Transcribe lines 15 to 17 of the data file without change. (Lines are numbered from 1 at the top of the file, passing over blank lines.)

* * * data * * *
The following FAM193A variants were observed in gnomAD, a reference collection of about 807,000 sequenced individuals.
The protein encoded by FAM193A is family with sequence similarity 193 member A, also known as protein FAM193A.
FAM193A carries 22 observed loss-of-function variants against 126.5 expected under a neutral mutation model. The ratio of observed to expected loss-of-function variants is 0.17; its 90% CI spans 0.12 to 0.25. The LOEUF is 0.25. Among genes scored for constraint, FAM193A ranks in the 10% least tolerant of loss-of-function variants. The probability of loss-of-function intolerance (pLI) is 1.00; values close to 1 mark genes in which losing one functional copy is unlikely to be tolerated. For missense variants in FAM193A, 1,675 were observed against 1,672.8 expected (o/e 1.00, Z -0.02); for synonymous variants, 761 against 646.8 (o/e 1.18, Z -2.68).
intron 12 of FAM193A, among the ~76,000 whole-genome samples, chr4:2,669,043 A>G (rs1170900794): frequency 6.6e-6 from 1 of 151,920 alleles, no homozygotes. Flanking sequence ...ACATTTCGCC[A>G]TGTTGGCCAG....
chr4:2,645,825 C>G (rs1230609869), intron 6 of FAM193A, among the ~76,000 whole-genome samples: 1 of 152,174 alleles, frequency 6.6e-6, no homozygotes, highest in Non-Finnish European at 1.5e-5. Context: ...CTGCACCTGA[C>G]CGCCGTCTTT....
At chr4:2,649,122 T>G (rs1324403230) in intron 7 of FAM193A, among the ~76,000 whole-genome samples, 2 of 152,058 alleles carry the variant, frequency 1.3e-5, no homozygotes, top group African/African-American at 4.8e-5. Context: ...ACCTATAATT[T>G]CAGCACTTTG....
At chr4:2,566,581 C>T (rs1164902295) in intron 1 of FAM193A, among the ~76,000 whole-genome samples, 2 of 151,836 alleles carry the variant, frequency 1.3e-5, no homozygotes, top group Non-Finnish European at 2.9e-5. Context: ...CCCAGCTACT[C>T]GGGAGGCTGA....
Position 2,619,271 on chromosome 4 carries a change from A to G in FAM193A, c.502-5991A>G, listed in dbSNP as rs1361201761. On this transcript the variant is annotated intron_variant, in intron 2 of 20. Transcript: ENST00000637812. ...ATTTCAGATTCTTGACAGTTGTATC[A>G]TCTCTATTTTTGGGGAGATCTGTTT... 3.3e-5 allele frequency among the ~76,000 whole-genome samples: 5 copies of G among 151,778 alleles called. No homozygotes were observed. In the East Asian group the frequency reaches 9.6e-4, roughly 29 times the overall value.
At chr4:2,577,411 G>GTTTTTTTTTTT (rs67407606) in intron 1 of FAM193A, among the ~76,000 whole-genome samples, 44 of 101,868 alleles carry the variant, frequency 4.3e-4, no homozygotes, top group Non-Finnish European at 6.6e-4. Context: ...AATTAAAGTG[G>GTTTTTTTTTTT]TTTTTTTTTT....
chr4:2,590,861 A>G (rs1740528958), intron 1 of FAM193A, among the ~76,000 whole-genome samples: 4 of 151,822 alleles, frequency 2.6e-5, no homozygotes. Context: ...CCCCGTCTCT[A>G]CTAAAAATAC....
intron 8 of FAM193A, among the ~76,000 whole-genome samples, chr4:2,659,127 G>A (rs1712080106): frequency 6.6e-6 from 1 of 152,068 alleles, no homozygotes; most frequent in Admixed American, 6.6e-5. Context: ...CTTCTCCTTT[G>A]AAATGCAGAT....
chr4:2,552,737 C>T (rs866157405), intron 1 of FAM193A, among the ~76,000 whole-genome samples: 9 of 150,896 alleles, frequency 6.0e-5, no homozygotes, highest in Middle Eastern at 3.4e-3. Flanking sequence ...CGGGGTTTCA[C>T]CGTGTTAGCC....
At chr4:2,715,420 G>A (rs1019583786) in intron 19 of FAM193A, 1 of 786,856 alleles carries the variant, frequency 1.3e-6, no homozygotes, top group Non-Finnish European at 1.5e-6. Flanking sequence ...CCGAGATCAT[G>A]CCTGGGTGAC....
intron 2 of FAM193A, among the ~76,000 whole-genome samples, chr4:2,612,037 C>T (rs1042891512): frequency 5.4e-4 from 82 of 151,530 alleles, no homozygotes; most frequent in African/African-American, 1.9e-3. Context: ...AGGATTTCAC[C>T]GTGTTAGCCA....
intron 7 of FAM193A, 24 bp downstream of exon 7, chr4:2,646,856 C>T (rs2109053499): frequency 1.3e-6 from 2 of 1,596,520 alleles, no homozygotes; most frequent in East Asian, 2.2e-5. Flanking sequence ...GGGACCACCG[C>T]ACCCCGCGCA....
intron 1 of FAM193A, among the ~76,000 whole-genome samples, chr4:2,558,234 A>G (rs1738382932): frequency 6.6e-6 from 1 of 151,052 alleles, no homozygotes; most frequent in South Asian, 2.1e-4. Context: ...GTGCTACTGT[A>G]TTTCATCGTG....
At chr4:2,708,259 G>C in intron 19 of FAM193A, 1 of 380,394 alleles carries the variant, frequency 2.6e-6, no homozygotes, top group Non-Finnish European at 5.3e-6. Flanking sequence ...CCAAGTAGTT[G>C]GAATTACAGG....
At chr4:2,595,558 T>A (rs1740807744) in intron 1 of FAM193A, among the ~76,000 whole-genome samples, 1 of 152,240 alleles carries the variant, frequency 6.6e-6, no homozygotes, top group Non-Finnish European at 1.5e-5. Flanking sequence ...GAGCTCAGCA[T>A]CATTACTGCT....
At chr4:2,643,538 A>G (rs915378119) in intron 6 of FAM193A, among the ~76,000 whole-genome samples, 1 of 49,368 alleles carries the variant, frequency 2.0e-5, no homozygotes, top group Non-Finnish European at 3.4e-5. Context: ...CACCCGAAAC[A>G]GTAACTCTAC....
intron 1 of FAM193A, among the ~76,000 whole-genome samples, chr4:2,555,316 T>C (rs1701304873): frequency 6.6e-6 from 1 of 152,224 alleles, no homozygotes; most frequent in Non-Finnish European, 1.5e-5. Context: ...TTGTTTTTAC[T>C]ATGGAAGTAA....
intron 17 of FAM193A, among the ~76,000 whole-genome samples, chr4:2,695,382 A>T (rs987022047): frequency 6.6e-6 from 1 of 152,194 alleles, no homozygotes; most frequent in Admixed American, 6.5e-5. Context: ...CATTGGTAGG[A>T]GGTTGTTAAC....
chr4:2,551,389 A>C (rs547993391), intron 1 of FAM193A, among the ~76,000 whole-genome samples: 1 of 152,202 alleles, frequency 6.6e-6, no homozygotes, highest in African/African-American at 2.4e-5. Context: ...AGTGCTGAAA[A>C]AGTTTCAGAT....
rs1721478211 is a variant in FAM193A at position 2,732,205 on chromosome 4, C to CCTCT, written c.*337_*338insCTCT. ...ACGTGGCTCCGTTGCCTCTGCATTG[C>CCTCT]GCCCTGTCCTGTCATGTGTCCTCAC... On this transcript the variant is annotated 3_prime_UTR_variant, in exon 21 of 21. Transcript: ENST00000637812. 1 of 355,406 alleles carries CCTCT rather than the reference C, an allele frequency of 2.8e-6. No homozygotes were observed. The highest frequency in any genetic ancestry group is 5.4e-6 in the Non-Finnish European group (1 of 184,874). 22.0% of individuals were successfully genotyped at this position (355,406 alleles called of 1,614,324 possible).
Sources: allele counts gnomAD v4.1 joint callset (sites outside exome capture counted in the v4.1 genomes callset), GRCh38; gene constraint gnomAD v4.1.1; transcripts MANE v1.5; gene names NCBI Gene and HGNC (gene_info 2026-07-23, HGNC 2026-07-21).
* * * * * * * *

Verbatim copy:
intron 7 of FAM193A, 24 bp downstream of exon 7, chr4:2,646,856 C>T (rs2109053499): frequency 1.3e-6 from 2 of 1,596,520 alleles, no homozygotes; most frequent in East Asian, 2.2e-5. Flanking sequence ...GGGACCACCG[C>T]ACCCCGCGCA....
intron 1 of FAM193A, among the ~76,000 whole-genome samples, chr4:2,558,234 A>G (rs1738382932): frequency 6.6e-6 from 1 of 151,052 alleles, no homozygotes; most frequent in South Asian, 2.1e-4. Context: ...GTGCTACTGT[A>G]TTTCATCGTG....
At chr4:2,708,259 G>C in intron 19 of FAM193A, 1 of 380,394 alleles carries the variant, frequency 2.6e-6, no homozygotes, top group Non-Finnish European at 5.3e-6. Flanking sequence ...CCAAGTAGTT[G>C]GAATTACAGG....